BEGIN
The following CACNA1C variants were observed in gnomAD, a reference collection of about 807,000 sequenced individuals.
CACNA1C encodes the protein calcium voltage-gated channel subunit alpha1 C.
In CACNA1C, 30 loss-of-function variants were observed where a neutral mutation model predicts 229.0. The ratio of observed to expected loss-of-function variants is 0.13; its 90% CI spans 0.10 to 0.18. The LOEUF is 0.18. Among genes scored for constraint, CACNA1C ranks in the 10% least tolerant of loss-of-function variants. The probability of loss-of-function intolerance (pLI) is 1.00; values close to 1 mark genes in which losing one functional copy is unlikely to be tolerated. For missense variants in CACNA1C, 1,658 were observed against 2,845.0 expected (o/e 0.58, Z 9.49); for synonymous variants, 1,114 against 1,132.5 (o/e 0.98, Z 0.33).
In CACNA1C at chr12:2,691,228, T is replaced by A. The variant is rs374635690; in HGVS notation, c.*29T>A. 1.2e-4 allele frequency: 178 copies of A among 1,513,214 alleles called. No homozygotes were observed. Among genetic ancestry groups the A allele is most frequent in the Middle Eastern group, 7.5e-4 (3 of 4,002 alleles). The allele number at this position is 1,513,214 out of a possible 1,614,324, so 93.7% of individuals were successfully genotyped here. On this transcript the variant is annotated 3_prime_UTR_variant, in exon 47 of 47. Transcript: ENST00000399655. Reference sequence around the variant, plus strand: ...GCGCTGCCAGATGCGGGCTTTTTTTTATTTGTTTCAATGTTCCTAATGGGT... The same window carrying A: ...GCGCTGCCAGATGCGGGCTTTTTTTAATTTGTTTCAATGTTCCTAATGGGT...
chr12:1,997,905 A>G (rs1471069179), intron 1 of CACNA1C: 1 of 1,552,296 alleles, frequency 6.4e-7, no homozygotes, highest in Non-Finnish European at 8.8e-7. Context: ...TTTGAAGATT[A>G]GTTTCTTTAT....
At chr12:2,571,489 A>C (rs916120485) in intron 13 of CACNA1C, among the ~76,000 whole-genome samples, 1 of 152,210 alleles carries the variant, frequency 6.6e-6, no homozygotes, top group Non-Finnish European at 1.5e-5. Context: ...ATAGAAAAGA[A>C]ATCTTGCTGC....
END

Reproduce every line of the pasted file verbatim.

The following CACNA1C variants were observed in gnomAD, a reference collection of about 807,000 sequenced individuals.
CACNA1C encodes the protein calcium voltage-gated channel subunit alpha1 C.
In CACNA1C, 30 loss-of-function variants were observed where a neutral mutation model predicts 229.0. The ratio of observed to expected loss-of-function variants is 0.13; its 90% CI spans 0.10 to 0.18. The LOEUF is 0.18. Among genes scored for constraint, CACNA1C ranks in the 10% least tolerant of loss-of-function variants. The probability of loss-of-function intolerance (pLI) is 1.00; values close to 1 mark genes in which losing one functional copy is unlikely to be tolerated. For missense variants in CACNA1C, 1,658 were observed against 2,845.0 expected (o/e 0.58, Z 9.49); for synonymous variants, 1,114 against 1,132.5 (o/e 0.98, Z 0.33).
In CACNA1C at chr12:2,691,228, T is replaced by A. The variant is rs374635690; in HGVS notation, c.*29T>A. 1.2e-4 allele frequency: 178 copies of A among 1,513,214 alleles called. No homozygotes were observed. Among genetic ancestry groups the A allele is most frequent in the Middle Eastern group, 7.5e-4 (3 of 4,002 alleles). The allele number at this position is 1,513,214 out of a possible 1,614,324, so 93.7% of individuals were successfully genotyped here. On this transcript the variant is annotated 3_prime_UTR_variant, in exon 47 of 47. Transcript: ENST00000399655. Reference sequence around the variant, plus strand: ...GCGCTGCCAGATGCGGGCTTTTTTTTATTTGTTTCAATGTTCCTAATGGGT... The same window carrying A: ...GCGCTGCCAGATGCGGGCTTTTTTTAATTTGTTTCAATGTTCCTAATGGGT...
chr12:1,997,905 A>G (rs1471069179), intron 1 of CACNA1C: 1 of 1,552,296 alleles, frequency 6.4e-7, no homozygotes, highest in Non-Finnish European at 8.8e-7. Context: ...TTTGAAGATT[A>G]GTTTCTTTAT....
At chr12:2,571,489 A>C (rs916120485) in intron 13 of CACNA1C, among the ~76,000 whole-genome samples, 1 of 152,210 alleles carries the variant, frequency 6.6e-6, no homozygotes, top group Non-Finnish European at 1.5e-5. Context: ...ATAGAAAAGA[A>C]ATCTTGCTGC....